"All around—high hills! From every side from fifty places rocks could have been rolled upon you! So—and so you sleep!"

"I set guards!" Will exploded.

"Eleven guards I found—all together in one place—fast asleep!"

He showed his splendid teeth and the palms of his hands again in actual enjoyment of the situation. For the first time then I saw there was wet blood on his goat-skin coat.

"Kagig—you're wounded!"

He made a gesture of impatience.

"It is nothing—nothing. My servant has attended to it."

So Kagig had a servant. I felt glad of that. It meant a rise from vagabondage to position among his people.

Of all earthly attainments, the first and most desirable and last to let go of is an honest servant—unless it be a friend. (But the difference is not so distinct as it sounds.)

A huge fear suddenly seized Fred Oakes.

"You said Monty is in Zeitoon—alive or dead? Quick, man! Answer!"

"Should I leave Zeitoon," Kagig answered slowly, unless I left a better man in charge behind me? He is alive in Zeitoon—alive—alive! He is my brother! He and I love one purpose with a strong love that shall conquer! You speak to me of Lord what-is-it? Hah! To me forever he is Monty, my brother—my—"

"Where's Miss Vanderman?" I interrupted.

"Here!" she said quietly, and I turned my head to discover her sitting beside Will in the shadow cast by Kagig's lantern. She must have entered ahead of Kagig or close behind him, unseen because of his bulk and the tricky light that he swung in his right hand.

Kagig went on as if he had not heard me.

"There is a castle—I think I told you?—perched on a crag in the forest beside Zeitoon. My men have cut a passage to it through the trees, for it had stood forgotten for God knows how long. Later you shall understand. There came Arabaiji, riding a mule to death, saying you and this lady are in danger of life at the hands of my nation. I did not believe that, but Monty—he believed it."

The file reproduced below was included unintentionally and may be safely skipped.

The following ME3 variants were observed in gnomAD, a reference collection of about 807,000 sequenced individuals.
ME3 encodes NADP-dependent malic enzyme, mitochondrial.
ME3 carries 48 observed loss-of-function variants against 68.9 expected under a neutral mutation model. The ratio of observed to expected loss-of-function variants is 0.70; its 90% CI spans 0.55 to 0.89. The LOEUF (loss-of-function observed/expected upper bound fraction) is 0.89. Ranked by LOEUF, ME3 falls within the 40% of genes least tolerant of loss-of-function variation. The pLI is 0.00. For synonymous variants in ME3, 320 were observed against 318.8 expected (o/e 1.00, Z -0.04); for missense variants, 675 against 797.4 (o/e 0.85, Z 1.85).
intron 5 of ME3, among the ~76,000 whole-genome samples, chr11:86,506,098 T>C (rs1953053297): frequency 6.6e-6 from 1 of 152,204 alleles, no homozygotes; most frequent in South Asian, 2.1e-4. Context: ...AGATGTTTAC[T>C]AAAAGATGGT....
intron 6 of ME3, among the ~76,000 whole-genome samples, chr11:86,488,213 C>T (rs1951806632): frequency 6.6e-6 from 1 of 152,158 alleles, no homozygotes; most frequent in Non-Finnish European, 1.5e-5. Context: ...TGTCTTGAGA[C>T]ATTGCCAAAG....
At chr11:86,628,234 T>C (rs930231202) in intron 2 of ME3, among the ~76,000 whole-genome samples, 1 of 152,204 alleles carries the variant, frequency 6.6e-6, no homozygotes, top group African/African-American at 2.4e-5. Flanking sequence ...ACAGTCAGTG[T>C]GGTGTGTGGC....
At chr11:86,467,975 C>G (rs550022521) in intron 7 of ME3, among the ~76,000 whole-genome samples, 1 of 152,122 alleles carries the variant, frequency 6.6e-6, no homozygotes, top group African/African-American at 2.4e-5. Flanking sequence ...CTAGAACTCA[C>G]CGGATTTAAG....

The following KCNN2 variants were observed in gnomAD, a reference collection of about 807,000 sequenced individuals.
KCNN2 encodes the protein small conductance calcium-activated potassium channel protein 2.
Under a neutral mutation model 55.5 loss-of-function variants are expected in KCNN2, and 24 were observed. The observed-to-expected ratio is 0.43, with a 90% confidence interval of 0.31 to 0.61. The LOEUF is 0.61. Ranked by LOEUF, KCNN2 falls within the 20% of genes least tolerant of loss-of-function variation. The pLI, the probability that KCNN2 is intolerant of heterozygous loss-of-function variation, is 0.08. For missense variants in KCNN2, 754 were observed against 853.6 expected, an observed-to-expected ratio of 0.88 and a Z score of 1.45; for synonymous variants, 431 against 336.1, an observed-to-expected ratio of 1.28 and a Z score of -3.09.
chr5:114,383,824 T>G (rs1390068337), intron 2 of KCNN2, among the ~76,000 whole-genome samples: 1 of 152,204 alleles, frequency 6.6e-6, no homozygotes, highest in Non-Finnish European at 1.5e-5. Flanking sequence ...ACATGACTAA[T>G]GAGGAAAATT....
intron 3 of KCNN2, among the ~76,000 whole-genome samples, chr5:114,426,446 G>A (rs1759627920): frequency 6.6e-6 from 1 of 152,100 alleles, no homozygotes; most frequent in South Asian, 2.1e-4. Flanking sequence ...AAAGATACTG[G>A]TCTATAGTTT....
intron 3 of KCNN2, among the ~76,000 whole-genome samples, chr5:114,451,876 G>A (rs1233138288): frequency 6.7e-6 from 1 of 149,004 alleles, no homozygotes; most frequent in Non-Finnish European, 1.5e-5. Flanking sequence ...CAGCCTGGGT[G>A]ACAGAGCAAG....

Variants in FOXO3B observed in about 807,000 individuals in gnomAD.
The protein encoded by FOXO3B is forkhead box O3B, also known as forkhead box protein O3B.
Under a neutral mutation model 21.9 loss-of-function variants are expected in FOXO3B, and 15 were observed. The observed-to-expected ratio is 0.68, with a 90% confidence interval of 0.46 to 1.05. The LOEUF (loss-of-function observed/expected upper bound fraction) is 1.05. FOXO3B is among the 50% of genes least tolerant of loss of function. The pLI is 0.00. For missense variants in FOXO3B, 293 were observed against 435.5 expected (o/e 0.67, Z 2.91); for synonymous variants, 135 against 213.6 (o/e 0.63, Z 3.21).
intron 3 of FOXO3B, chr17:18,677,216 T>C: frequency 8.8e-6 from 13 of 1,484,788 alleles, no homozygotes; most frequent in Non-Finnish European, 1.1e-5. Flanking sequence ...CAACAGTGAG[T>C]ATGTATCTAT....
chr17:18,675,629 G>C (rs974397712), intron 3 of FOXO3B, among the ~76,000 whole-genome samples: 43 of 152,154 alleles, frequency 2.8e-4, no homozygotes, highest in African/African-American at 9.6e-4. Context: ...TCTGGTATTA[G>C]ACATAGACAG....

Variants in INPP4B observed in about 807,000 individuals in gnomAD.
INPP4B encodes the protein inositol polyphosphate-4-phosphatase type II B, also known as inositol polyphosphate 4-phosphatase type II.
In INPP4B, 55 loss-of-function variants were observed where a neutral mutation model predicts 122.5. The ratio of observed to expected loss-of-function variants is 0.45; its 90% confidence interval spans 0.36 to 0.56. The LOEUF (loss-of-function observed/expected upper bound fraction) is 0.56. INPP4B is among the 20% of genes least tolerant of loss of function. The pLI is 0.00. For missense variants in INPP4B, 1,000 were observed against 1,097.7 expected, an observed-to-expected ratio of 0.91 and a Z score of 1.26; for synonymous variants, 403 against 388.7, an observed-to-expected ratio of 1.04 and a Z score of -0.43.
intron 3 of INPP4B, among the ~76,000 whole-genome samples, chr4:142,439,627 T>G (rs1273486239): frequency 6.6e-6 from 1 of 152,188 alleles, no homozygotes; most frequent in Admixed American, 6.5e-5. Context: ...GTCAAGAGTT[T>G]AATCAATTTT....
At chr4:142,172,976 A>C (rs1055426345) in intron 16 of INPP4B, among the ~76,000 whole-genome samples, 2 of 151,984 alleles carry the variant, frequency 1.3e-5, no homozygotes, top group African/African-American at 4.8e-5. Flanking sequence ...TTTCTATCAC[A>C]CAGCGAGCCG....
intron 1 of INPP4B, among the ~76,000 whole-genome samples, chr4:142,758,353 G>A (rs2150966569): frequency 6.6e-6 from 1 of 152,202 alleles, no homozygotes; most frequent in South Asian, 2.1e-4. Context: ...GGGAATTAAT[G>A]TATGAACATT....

"And I'll wager you found him a hot handful!" laughed Fred. "Not so hot. Not so hot. But very determined. Later you shall understand. He and I drove a bargain."

"Dammit!" Fred rose to his feet. "D'you mean you used our predicament as a club to drive him with?"

Kagig laughed dryly.

"Do you know your friend so little, and think so ill of me? He named terms, and I agreed to them. I took a hundred mounted men to find you and bring you to Zeitoon, spreading them out like a fan, to scour the country. Some fell in with a thing the Turks call a hamidieh regiment; that is a rabble of Kurds under the command of Tenekelis."

"What are they?"

"Tenekelis? The word means 'tin-plate men.' We call them that because of the tin badges given them to wear in their head-dress. In no other way do they resemble officers. They are brigands favored by official recognition, that is all. Their purpose is to pillage Armenians. While you slept in this village, and your watchmen slept up above there, that whole rabble of bandits with their tin-plate officers passed within half a mile, following along the track by which you came! If you had been awake—and cooking—or singing—or making any sort of noise they must have heard you! Instead, they turned down toward the plain a little short distance too soon—and my men met them—and there was a skirmish—and I rallied my other men, and attacked them suddenly. We accounted for two of the tin-plate men, and so many of the thing they call a regiment that the others took to flight. Jannam! (My soul!) But you are paragons of sleepers!"

"Do you never sleep?" I asked him.

"Shall a man keep watch over a nation, and sleep?" he answered. "Aye—here a little, there a little, I snatch sleep when I can. My heart burns in me. I shall sleep on my horse on the way back to Zeitoon, but the burning within will waken me by fits and starts."

He got up and stood very politely in front of Gloria Vanderman, removing his cossack kalpak for the first time and holding it with a peculiar suggestion of humility.

"You shall be put to no indignity at the hands of my people," he said. "They are not bad people, but they have suffered, and some have been made afraid. They would have kept you safe. But now you shall have twenty men if you wish, and they shall deliver you safely into Tarsus. If you wish it, I will send one of these gentlemen with you to keep you in countenance before my men; they are foreigners to you, and no one could blame you for fearing them. The gentleman would not wish to go, but I would send him!"

She shook her head, pretty merrily for a girl in her predicament.

"I was curious to meet you, Mr. Kagig, but that's nothing to the attraction that draws me now. I must meet the other man—is it Monty you all call him—or never know a moment's peace!"